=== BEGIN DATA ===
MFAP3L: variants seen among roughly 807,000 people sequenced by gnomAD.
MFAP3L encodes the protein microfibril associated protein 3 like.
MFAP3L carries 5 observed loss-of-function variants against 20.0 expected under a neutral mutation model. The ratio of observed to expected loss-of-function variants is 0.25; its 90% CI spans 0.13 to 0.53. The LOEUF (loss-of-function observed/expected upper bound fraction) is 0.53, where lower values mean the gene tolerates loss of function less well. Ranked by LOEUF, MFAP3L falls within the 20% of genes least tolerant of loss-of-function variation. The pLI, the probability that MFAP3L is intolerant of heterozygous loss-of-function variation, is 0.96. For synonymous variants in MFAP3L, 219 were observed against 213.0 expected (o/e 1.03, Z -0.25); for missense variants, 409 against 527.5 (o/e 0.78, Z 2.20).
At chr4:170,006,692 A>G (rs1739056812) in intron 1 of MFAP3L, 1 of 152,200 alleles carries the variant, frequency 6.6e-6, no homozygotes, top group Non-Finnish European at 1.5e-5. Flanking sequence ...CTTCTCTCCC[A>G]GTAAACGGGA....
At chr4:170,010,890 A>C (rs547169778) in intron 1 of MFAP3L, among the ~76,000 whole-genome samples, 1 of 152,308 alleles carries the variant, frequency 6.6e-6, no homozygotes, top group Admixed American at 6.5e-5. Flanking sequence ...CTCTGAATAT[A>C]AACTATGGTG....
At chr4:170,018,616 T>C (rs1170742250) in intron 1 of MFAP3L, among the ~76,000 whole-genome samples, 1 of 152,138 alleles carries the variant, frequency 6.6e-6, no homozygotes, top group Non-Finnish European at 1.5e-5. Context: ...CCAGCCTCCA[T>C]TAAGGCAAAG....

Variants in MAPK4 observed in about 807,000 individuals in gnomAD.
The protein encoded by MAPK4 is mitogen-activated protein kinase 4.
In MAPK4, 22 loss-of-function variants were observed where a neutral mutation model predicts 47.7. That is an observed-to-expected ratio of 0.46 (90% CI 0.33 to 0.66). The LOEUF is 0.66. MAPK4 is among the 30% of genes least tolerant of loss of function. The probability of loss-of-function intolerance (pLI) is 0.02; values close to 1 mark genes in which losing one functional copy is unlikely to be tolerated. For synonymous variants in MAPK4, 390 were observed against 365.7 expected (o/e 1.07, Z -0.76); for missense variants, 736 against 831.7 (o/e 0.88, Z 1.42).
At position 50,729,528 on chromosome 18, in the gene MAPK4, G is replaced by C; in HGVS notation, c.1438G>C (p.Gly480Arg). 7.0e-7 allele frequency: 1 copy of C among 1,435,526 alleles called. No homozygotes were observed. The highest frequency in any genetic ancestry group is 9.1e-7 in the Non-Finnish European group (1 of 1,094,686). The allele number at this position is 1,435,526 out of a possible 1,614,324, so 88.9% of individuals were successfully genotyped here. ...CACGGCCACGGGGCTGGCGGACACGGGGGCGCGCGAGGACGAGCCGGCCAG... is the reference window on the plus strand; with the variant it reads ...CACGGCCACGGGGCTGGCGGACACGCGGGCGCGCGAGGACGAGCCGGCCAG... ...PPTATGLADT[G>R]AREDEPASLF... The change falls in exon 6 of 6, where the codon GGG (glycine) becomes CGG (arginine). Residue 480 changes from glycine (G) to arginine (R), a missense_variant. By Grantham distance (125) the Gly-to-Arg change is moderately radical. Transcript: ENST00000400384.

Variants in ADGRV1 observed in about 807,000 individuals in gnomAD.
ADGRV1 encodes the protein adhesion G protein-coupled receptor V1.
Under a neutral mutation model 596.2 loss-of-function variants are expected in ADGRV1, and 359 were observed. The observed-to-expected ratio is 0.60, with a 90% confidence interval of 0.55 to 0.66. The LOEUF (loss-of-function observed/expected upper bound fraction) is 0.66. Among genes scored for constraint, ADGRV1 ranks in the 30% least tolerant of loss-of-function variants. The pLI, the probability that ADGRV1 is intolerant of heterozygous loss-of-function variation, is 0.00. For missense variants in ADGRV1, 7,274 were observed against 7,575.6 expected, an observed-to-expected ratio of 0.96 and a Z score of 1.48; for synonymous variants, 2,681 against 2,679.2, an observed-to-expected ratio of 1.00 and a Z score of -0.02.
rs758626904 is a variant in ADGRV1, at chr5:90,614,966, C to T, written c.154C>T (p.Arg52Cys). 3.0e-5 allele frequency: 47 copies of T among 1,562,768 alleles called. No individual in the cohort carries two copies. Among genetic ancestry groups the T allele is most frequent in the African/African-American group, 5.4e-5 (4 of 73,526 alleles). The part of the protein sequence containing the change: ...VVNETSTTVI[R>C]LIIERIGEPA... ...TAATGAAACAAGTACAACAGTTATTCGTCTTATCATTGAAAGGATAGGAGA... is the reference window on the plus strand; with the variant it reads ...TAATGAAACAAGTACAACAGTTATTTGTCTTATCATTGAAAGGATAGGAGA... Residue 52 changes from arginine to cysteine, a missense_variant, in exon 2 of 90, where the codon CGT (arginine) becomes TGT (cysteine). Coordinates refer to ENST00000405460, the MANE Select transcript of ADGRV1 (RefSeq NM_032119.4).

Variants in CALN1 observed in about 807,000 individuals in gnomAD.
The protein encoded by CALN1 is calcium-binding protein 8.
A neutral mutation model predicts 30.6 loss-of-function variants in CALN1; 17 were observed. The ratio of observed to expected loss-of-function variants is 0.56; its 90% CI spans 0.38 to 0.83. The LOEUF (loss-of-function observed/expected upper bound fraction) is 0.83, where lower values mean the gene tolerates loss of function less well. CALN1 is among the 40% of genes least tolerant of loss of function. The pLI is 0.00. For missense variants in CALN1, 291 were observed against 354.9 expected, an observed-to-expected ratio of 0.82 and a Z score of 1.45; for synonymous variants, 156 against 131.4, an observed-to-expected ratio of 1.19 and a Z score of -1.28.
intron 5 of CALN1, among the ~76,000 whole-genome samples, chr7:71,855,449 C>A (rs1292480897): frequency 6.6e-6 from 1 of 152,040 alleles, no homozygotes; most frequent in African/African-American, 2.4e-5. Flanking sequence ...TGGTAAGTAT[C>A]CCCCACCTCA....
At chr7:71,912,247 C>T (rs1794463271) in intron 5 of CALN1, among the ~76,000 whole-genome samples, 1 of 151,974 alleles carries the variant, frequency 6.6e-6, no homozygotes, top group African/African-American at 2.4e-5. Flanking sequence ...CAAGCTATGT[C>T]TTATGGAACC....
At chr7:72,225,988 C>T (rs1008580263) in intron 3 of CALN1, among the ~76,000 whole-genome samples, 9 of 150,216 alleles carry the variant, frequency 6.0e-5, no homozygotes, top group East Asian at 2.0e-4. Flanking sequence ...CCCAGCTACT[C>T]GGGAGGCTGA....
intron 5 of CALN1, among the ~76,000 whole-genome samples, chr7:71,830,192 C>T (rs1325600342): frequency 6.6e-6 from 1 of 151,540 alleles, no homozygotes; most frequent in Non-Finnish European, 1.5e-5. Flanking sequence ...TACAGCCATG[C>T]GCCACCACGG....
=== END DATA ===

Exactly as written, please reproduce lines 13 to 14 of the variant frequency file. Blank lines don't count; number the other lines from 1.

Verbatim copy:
Under a neutral mutation model 596.2 loss-of-function variants are expected in ADGRV1, and 359 were observed. The observed-to-expected ratio is 0.60, with a 90% confidence interval of 0.55 to 0.66. The LOEUF (loss-of-function observed/expected upper bound fraction) is 0.66. Among genes scored for constraint, ADGRV1 ranks in the 30% least tolerant of loss-of-function variants. The pLI, the probability that ADGRV1 is intolerant of heterozygous loss-of-function variation, is 0.00. For missense variants in ADGRV1, 7,274 were observed against 7,575.6 expected, an observed-to-expected ratio of 0.96 and a Z score of 1.48; for synonymous variants, 2,681 against 2,679.2, an observed-to-expected ratio of 1.00 and a Z score of -0.02.
rs758626904 is a variant in ADGRV1, at chr5:90,614,966, C to T, written c.154C>T (p.Arg52Cys). 3.0e-5 allele frequency: 47 copies of T among 1,562,768 alleles called. No individual in the cohort carries two copies. Among genetic ancestry groups the T allele is most frequent in the African/African-American group, 5.4e-5 (4 of 73,526 alleles). The part of the protein sequence containing the change: ...VVNETSTTVI[R>C]LIIERIGEPA... ...TAATGAAACAAGTACAACAGTTATTCGTCTTATCATTGAAAGGATAGGAGA... is the reference window on the plus strand; with the variant it reads ...TAATGAAACAAGTACAACAGTTATTTGTCTTATCATTGAAAGGATAGGAGA... Residue 52 changes from arginine to cysteine, a missense_variant, in exon 2 of 90, where the codon CGT (arginine) becomes TGT (cysteine). Coordinates refer to ENST00000405460, the MANE Select transcript of ADGRV1 (RefSeq NM_032119.4).